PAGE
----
Now just replicate that same series of questions to the likes of the lungs, or blood, or whatever. Like what function did the eye perform BEFORE it became a fully functioning eye, etc, etc? And thus… HOW did life survive at some apparent lesser level into an apparently higher level? Not only that… what evidence does science provide along these lines as reasonable raised above of our continual biological evolution?

I’m pretty sure if I threw a packet of ‘316 marine-grade stainless steel’ nuts and bolts out into the desert and came back in a billion years to where there had now grown a rainforest, the one thing I won’t find is the remnants of a car that made itself by itself… unless of course, it fuelled itself by itself and thus by itself drove away.

To believe that complex living things created themselves, out of nothing, by accident, and this repeatedly is scientifically irrational and unsupportable. At least this is how I’m presently seeing things.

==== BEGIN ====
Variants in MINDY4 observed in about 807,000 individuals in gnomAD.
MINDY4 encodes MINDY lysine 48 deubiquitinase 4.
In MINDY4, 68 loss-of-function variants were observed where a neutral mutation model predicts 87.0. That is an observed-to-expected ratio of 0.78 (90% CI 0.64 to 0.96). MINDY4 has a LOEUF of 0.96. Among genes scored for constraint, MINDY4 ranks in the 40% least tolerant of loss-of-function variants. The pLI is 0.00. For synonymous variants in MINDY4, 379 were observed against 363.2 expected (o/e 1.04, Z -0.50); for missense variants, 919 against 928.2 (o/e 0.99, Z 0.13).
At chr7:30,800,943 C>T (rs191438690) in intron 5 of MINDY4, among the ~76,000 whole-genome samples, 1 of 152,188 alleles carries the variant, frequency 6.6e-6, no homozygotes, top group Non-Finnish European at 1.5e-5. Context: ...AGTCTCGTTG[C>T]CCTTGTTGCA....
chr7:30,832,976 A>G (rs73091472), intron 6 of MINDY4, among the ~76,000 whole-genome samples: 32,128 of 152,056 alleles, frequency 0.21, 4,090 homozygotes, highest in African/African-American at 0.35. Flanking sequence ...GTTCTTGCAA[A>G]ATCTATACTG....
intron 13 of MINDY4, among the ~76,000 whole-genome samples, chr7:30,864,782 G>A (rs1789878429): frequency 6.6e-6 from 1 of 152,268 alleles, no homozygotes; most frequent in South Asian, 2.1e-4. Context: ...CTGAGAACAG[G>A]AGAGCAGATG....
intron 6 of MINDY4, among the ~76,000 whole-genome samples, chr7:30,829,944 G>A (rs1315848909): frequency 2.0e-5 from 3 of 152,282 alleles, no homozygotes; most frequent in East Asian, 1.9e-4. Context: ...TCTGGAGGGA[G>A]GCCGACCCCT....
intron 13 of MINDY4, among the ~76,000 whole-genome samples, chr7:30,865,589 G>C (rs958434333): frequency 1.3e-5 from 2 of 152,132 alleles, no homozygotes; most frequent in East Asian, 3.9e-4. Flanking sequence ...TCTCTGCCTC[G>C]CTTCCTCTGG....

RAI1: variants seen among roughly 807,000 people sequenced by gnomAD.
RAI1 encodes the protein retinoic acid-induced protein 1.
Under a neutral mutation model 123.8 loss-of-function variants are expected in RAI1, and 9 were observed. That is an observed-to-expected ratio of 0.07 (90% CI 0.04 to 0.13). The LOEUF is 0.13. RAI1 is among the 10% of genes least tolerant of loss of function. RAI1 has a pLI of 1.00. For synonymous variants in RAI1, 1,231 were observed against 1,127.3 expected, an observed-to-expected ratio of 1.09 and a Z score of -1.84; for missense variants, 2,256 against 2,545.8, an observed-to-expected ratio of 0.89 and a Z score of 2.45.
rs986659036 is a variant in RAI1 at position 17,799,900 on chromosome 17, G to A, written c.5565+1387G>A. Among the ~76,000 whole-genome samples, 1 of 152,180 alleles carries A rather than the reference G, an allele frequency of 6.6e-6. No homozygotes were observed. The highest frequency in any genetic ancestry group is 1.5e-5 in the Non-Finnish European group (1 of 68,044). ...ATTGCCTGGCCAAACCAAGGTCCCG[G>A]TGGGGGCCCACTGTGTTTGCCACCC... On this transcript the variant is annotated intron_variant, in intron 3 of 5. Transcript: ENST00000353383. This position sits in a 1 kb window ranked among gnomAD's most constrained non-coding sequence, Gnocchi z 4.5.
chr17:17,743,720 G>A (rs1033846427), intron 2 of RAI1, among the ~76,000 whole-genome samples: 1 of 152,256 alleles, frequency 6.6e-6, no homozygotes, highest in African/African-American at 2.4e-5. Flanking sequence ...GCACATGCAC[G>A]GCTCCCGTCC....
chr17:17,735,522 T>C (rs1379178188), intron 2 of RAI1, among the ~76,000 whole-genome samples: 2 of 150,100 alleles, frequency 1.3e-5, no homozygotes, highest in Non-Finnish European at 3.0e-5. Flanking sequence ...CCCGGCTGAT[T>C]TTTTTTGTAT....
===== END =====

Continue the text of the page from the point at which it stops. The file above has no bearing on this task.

So your take is that those who view evolution as viable, are touting that complex things created themselves, out of nothing and by accident, are irrational, and the view is unsupportable. (It is obvious I am rehashing your comment but am doing it for a purpose) So do you think genesis chpt 1 and genesis chpt 2 are talking about different things, in other words is gen1 talking about a creation and gen 2 talking about Israel? :slight_smile:


I think chapters 1 & 2 are different angles of the same account of Israel’s origins, not the time-space universe. Biological evolution may be true in part or in whole, but I can’t see it, yet at least.